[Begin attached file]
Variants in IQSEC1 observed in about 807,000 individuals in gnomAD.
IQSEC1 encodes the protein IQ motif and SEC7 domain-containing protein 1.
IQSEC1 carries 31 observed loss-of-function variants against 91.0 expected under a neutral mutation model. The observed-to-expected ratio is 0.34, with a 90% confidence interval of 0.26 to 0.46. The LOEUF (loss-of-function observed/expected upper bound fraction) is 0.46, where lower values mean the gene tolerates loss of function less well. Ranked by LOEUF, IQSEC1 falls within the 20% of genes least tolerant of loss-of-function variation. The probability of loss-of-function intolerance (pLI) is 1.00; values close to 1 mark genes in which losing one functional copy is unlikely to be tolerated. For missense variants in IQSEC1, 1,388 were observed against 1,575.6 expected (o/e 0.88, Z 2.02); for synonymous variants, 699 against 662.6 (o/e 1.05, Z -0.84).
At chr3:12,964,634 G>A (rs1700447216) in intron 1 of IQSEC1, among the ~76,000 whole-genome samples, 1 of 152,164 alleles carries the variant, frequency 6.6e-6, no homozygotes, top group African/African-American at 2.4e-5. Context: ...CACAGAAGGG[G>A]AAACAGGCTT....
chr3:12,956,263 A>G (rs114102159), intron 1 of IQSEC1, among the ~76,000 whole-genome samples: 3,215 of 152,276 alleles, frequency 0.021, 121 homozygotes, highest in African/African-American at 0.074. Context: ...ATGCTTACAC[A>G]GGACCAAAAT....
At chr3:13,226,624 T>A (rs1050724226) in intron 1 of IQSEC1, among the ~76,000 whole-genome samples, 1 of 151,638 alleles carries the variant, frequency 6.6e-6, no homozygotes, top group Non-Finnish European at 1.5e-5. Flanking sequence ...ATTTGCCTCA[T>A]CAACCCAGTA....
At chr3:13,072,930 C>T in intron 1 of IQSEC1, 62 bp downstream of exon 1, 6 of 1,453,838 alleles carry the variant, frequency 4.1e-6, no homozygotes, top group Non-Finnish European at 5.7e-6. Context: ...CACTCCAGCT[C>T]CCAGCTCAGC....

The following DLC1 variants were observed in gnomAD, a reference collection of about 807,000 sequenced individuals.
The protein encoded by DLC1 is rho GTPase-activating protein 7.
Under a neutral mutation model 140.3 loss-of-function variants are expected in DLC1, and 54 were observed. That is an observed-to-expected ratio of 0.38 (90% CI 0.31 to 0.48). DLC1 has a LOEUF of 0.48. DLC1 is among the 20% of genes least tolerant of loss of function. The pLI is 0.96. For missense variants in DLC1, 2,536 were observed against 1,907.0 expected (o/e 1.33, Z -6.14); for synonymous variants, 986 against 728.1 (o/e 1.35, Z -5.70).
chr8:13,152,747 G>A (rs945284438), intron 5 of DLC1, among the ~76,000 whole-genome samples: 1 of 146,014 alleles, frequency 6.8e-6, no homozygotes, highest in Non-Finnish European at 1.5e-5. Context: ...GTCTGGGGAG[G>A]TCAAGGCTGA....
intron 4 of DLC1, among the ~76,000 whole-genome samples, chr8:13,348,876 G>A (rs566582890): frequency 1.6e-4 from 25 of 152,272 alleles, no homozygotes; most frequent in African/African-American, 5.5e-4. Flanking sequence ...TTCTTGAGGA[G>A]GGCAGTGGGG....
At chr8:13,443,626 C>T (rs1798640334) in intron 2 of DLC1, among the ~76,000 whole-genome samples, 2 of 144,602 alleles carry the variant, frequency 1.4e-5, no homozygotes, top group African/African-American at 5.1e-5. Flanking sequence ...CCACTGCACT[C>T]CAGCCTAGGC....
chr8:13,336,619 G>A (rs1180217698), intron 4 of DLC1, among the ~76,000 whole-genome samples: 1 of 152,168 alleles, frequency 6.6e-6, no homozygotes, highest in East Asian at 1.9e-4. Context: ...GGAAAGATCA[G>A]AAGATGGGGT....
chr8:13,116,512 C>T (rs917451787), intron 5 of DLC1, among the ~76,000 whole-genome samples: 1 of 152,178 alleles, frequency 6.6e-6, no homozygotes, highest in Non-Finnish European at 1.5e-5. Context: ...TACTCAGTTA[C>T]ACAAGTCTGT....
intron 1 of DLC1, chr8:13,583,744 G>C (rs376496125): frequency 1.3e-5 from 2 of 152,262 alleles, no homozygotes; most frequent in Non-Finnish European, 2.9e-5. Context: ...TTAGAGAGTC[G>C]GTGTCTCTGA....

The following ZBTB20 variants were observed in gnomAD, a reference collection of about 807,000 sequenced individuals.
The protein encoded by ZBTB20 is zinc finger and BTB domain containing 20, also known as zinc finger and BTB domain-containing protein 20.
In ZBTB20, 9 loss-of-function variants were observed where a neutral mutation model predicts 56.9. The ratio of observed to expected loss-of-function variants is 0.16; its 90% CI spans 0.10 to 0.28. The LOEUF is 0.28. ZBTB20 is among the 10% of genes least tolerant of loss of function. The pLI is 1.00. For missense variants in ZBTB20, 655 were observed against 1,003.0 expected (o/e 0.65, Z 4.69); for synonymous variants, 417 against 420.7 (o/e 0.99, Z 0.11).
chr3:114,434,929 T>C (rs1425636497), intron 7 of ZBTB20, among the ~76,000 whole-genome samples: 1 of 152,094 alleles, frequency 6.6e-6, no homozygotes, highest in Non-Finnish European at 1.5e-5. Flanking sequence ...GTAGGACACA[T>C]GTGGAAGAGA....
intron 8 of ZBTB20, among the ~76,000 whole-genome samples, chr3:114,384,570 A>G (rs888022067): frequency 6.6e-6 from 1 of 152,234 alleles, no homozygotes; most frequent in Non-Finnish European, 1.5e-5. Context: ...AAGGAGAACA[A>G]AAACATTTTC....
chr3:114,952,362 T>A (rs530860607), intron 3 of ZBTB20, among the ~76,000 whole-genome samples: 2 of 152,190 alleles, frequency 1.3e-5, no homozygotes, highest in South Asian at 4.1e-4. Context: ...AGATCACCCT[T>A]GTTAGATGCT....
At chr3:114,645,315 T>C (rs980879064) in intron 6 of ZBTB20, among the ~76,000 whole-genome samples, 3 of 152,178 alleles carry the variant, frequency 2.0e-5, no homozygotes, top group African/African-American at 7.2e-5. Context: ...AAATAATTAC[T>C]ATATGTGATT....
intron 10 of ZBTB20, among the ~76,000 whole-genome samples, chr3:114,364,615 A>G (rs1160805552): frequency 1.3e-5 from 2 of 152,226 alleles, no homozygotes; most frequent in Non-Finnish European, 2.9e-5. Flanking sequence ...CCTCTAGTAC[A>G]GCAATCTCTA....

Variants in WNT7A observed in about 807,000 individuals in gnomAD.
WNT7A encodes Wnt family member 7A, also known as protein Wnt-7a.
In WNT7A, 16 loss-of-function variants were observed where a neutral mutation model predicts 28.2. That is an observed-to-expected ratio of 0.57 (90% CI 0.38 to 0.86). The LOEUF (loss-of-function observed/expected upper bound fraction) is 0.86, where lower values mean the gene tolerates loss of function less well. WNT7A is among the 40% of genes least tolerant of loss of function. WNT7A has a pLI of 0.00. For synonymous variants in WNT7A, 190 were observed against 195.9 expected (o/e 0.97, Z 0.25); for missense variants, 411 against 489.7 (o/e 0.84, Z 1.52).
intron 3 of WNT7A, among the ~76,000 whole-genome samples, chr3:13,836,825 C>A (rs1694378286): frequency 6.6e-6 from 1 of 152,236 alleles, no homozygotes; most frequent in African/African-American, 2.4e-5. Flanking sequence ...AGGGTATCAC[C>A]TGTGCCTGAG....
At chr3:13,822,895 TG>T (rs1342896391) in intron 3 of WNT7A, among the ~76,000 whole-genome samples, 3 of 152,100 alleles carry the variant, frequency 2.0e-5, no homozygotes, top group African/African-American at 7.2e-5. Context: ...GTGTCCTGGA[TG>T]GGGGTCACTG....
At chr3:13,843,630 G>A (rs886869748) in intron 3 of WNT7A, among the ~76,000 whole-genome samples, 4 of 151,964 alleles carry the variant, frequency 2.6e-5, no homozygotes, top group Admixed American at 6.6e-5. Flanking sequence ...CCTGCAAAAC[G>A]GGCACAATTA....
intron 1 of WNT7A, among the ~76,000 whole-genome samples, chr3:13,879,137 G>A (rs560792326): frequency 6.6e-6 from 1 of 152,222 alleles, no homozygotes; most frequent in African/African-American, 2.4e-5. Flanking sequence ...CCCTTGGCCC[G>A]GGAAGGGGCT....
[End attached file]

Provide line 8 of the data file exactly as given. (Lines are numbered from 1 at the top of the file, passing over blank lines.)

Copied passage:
The following DLC1 variants were observed in gnomAD, a reference collection of about 807,000 sequenced individuals.